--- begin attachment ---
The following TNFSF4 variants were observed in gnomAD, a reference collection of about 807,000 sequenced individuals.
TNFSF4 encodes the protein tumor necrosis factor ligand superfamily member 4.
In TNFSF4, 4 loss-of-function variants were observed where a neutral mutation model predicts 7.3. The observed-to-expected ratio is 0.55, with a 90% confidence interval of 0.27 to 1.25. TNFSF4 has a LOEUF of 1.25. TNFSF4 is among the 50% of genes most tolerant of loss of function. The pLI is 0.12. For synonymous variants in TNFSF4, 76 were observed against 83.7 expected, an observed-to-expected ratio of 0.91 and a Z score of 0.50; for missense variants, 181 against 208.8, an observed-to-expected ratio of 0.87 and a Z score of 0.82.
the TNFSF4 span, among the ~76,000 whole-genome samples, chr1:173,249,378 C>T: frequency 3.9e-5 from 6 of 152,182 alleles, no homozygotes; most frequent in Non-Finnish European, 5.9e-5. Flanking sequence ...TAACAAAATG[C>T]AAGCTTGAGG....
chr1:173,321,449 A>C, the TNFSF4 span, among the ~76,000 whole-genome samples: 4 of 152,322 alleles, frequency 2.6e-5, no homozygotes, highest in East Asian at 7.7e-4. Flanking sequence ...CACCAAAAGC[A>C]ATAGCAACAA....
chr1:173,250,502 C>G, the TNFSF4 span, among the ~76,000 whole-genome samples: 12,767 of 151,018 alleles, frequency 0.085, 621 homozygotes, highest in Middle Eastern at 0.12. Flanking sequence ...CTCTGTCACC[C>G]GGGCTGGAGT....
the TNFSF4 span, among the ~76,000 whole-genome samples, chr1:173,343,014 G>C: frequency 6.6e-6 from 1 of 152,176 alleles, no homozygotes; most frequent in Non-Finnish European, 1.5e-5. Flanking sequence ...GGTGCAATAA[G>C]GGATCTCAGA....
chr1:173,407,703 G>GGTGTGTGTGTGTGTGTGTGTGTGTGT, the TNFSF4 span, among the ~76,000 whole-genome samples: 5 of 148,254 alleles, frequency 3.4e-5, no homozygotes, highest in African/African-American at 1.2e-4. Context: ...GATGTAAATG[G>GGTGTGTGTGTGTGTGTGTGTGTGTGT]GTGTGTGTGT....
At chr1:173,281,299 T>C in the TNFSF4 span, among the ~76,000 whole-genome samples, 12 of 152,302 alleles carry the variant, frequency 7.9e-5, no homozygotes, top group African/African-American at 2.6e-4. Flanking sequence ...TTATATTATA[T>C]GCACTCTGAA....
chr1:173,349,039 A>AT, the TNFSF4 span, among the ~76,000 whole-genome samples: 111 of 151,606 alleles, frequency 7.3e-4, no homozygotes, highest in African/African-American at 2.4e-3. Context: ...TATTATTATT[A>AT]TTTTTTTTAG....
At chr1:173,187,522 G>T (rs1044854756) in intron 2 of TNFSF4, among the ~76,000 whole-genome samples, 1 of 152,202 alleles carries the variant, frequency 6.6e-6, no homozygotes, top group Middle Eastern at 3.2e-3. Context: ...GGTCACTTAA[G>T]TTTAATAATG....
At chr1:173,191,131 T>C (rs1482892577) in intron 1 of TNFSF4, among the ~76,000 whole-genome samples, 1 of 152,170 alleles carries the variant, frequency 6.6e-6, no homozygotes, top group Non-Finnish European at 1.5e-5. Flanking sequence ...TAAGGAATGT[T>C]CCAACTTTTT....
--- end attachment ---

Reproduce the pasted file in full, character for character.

The following TNFSF4 variants were observed in gnomAD, a reference collection of about 807,000 sequenced individuals.
TNFSF4 encodes the protein tumor necrosis factor ligand superfamily member 4.
In TNFSF4, 4 loss-of-function variants were observed where a neutral mutation model predicts 7.3. The observed-to-expected ratio is 0.55, with a 90% confidence interval of 0.27 to 1.25. TNFSF4 has a LOEUF of 1.25. TNFSF4 is among the 50% of genes most tolerant of loss of function. The pLI is 0.12. For synonymous variants in TNFSF4, 76 were observed against 83.7 expected, an observed-to-expected ratio of 0.91 and a Z score of 0.50; for missense variants, 181 against 208.8, an observed-to-expected ratio of 0.87 and a Z score of 0.82.
the TNFSF4 span, among the ~76,000 whole-genome samples, chr1:173,249,378 C>T: frequency 3.9e-5 from 6 of 152,182 alleles, no homozygotes; most frequent in Non-Finnish European, 5.9e-5. Flanking sequence ...TAACAAAATG[C>T]AAGCTTGAGG....
chr1:173,321,449 A>C, the TNFSF4 span, among the ~76,000 whole-genome samples: 4 of 152,322 alleles, frequency 2.6e-5, no homozygotes, highest in East Asian at 7.7e-4. Flanking sequence ...CACCAAAAGC[A>C]ATAGCAACAA....
chr1:173,250,502 C>G, the TNFSF4 span, among the ~76,000 whole-genome samples: 12,767 of 151,018 alleles, frequency 0.085, 621 homozygotes, highest in Middle Eastern at 0.12. Flanking sequence ...CTCTGTCACC[C>G]GGGCTGGAGT....
the TNFSF4 span, among the ~76,000 whole-genome samples, chr1:173,343,014 G>C: frequency 6.6e-6 from 1 of 152,176 alleles, no homozygotes; most frequent in Non-Finnish European, 1.5e-5. Flanking sequence ...GGTGCAATAA[G>C]GGATCTCAGA....
chr1:173,407,703 G>GGTGTGTGTGTGTGTGTGTGTGTGTGT, the TNFSF4 span, among the ~76,000 whole-genome samples: 5 of 148,254 alleles, frequency 3.4e-5, no homozygotes, highest in African/African-American at 1.2e-4. Context: ...GATGTAAATG[G>GGTGTGTGTGTGTGTGTGTGTGTGTGT]GTGTGTGTGT....
At chr1:173,281,299 T>C in the TNFSF4 span, among the ~76,000 whole-genome samples, 12 of 152,302 alleles carry the variant, frequency 7.9e-5, no homozygotes, top group African/African-American at 2.6e-4. Flanking sequence ...TTATATTATA[T>C]GCACTCTGAA....
chr1:173,349,039 A>AT, the TNFSF4 span, among the ~76,000 whole-genome samples: 111 of 151,606 alleles, frequency 7.3e-4, no homozygotes, highest in African/African-American at 2.4e-3. Context: ...TATTATTATT[A>AT]TTTTTTTTAG....
At chr1:173,187,522 G>T (rs1044854756) in intron 2 of TNFSF4, among the ~76,000 whole-genome samples, 1 of 152,202 alleles carries the variant, frequency 6.6e-6, no homozygotes, top group Middle Eastern at 3.2e-3. Context: ...GGTCACTTAA[G>T]TTTAATAATG....
At chr1:173,191,131 T>C (rs1482892577) in intron 1 of TNFSF4, among the ~76,000 whole-genome samples, 1 of 152,170 alleles carries the variant, frequency 6.6e-6, no homozygotes, top group Non-Finnish European at 1.5e-5. Flanking sequence ...TAAGGAATGT[T>C]CCAACTTTTT....